DELAYS in the implementation the Identity and Language Bill, now not to be enacted before the May 5 Assembly election, are one of a number of potential threats to Stormont's future, post election.
Often described in the public debate as 'The Irish Language Act', it is actually a package of Language and Identity legislation that also includes Ulster-Scots components agreed in the New Decade New Approach (NDNA) agreement of January 2020, that saw the restoration of the Assembly.
The package including the Irish Language part, was not enacted, with Sinn Féin blaming the DUP for the delay.
Last year, in order to keep Sinn Féin on board, the British government agreed to enact the Legislation at Westminster, if Stormont parties failed to do so.
Now on the cusp of an election, there is still no timetable for the enactment of the legislation, and shining a light on what is happening at Westminster has not proved easy.
On February 9 the BBC 'understood' that that Sinn Féin were objecting to the Ulster British part of the Ulster-Scots/Ulster British commissioner contained with the Ulster-Scots part of the legislation package.
The matter was subsequently discussed on Nolan, with much speculation, but little real clarity.
The Chronicle subsequently contacted the DUP, Sinn Féin, the NIO and the Northern Ireland Human Rights Commission (NIHRC), in respect of the issue.
Commenting on the issue, a DUP spokesperson said:
"The DUP has been clear from the outset that the New Decade New Approach agreement should be implemented in full and as published. Any cherrypicking from commitments within it will only serve to hamper devolution and further highlight the need to restore fairness."
Speaking to The Chronicle on February 25 a UK Government spokesperson said: "In the absence of progress by the Executive to deliver the balanced identity, language and culture package as negotiated in the New Decade, New Approach agreement, the UK Government is taking the necessary steps to introduce the legislation in Parliament. The legislation will faithfully deliver the commitments on identity, language and culture."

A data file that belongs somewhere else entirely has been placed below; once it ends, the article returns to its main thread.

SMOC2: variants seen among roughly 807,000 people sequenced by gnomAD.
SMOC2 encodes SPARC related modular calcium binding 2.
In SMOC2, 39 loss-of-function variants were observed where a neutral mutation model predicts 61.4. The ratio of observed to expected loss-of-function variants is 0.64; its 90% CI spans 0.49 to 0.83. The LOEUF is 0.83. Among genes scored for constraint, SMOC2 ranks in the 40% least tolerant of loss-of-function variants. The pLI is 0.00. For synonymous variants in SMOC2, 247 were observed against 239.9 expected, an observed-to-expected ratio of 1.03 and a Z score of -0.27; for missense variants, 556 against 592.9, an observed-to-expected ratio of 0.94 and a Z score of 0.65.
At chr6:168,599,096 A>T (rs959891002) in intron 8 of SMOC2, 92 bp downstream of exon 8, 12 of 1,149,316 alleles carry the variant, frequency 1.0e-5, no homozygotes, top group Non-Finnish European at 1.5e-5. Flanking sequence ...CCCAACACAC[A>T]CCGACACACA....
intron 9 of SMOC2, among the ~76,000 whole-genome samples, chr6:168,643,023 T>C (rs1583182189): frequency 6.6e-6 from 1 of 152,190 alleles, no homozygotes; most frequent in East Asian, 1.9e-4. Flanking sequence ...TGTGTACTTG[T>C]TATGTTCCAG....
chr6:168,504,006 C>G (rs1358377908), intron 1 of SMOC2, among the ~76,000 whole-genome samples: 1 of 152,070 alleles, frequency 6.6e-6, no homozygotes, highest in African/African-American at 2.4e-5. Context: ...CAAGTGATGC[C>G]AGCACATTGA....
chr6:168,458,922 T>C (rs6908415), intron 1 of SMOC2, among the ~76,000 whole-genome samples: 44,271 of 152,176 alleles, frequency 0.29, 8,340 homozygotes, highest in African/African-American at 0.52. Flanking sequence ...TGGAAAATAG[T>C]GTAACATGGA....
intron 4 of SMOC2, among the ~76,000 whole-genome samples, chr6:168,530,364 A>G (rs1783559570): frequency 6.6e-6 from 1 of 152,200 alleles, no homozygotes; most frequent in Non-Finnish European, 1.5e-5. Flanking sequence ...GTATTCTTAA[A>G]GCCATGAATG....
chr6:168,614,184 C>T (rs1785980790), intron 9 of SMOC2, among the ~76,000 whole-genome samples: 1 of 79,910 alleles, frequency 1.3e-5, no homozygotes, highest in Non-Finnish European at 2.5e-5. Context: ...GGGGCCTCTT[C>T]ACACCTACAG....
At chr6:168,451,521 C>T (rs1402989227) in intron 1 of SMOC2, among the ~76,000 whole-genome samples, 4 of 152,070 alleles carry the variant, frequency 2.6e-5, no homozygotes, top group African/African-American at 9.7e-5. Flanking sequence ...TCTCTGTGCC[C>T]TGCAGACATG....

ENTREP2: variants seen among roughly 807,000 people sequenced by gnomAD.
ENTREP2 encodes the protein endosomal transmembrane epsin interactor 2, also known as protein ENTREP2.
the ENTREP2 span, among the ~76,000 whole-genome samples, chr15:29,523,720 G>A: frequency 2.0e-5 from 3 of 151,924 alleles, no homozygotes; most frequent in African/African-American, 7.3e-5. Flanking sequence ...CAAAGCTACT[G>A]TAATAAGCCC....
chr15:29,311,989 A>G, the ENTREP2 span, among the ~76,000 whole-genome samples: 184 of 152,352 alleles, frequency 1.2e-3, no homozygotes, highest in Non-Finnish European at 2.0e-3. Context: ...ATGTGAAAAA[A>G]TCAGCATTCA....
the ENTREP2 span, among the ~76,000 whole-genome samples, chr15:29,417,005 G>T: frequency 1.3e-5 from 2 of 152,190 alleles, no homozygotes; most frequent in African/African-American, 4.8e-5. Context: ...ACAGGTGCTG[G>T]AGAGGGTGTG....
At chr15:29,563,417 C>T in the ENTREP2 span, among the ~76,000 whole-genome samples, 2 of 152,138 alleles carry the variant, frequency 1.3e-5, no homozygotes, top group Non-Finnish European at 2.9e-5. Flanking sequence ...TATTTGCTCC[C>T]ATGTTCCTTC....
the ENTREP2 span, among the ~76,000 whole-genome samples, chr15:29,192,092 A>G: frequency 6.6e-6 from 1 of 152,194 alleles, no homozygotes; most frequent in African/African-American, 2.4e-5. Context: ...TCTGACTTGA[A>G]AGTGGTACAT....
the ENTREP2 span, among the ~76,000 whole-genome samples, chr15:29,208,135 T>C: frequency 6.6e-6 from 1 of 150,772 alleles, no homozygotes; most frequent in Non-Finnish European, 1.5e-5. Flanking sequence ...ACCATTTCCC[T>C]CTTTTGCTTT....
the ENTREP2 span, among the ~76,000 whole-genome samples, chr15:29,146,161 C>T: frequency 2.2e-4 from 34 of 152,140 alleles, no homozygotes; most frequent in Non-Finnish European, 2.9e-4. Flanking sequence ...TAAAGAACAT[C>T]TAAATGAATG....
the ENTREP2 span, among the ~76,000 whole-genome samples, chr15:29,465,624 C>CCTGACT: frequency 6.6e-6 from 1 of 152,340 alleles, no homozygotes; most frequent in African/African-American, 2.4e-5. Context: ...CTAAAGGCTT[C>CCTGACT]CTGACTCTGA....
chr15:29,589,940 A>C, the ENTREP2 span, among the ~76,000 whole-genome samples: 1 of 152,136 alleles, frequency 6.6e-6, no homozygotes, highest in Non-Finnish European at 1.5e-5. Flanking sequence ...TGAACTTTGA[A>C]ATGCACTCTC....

The Government is continuing the preparations to recognize Ulster Scots as a National Minority under the Framework Convention for the Protection of National Minorities, which forms part of the balanced package of NDNA measures on identity and language
“The Government intends to complete the preparations for the recognition of Ulster Scots in parallel to the passage of the legislation.”
On March 29 Secretary of State Brandon Lewis was quizzed by a House of Commons committee, including North Antrim MP Ian Paisley.
He revealed that the legislation would not be pushed through before the election on May 5.
He appeared evasive on the subject of the name of the commissioner, repeatedly saying there is no British Commissioner in NDNA, technically correct, as it's an Ulster-Scots/Ulster British Commissioner mentioned.
A UK Government spokesperson told The Chronicle:
"The Government is committed to delivering what was carefully negotiated by the parties in New Decade, New Approach, and the legislation we will bring forward will be faithful to it.”